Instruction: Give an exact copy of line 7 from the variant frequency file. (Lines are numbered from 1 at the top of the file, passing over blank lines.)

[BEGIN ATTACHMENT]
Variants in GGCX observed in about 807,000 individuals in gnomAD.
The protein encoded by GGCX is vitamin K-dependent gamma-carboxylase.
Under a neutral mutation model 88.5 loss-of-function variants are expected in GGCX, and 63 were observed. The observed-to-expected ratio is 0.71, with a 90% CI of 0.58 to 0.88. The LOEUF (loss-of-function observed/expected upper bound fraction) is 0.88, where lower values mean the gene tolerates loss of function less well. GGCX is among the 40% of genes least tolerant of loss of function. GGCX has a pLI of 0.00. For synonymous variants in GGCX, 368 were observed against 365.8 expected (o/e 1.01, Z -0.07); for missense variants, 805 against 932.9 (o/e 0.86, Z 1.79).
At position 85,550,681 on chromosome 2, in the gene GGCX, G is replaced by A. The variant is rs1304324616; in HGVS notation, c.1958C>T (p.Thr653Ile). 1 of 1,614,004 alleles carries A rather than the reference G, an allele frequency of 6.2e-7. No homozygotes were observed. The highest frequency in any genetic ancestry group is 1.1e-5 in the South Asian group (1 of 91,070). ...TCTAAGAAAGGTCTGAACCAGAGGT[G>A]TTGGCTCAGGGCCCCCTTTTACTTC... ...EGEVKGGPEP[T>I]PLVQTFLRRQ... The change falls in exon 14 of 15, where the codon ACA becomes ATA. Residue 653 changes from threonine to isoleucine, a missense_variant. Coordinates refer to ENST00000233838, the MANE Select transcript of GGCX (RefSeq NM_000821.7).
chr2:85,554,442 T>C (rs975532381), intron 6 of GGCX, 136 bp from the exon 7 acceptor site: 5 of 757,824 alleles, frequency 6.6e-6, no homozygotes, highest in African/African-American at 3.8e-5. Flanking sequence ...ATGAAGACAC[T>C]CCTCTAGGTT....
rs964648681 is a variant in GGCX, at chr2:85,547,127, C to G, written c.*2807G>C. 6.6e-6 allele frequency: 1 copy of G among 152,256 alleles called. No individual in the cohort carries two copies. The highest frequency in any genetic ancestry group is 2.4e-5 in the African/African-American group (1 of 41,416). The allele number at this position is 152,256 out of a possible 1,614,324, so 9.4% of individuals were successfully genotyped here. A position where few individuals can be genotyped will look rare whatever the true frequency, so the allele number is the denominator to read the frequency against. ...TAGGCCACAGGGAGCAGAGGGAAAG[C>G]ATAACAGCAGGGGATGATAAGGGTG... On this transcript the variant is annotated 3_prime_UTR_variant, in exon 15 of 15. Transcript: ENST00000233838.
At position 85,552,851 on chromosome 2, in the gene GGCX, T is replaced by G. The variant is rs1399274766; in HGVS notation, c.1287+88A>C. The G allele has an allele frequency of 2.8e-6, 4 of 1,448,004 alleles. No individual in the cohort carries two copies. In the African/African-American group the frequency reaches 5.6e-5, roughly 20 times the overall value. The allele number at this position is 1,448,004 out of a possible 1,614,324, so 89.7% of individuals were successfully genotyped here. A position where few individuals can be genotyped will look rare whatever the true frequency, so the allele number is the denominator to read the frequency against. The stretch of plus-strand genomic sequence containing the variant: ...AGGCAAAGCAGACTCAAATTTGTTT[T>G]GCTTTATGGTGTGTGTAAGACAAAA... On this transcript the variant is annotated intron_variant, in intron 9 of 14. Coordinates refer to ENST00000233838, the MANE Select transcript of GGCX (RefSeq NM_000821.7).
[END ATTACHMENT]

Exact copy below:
At position 85,552,851 on chromosome 2, in the gene GGCX, T is replaced by G. The variant is rs1399274766; in HGVS notation, c.1287+88A>C. The G allele has an allele frequency of 2.8e-6, 4 of 1,448,004 alleles. No individual in the cohort carries two copies. In the African/African-American group the frequency reaches 5.6e-5, roughly 20 times the overall value. The allele number at this position is 1,448,004 out of a possible 1,614,324, so 89.7% of individuals were successfully genotyped here. A position where few individuals can be genotyped will look rare whatever the true frequency, so the allele number is the denominator to read the frequency against. The stretch of plus-strand genomic sequence containing the variant: ...AGGCAAAGCAGACTCAAATTTGTTT[T>G]GCTTTATGGTGTGTGTAAGACAAAA... On this transcript the variant is annotated intron_variant, in intron 9 of 14. Coordinates refer to ENST00000233838, the MANE Select transcript of GGCX (RefSeq NM_000821.7).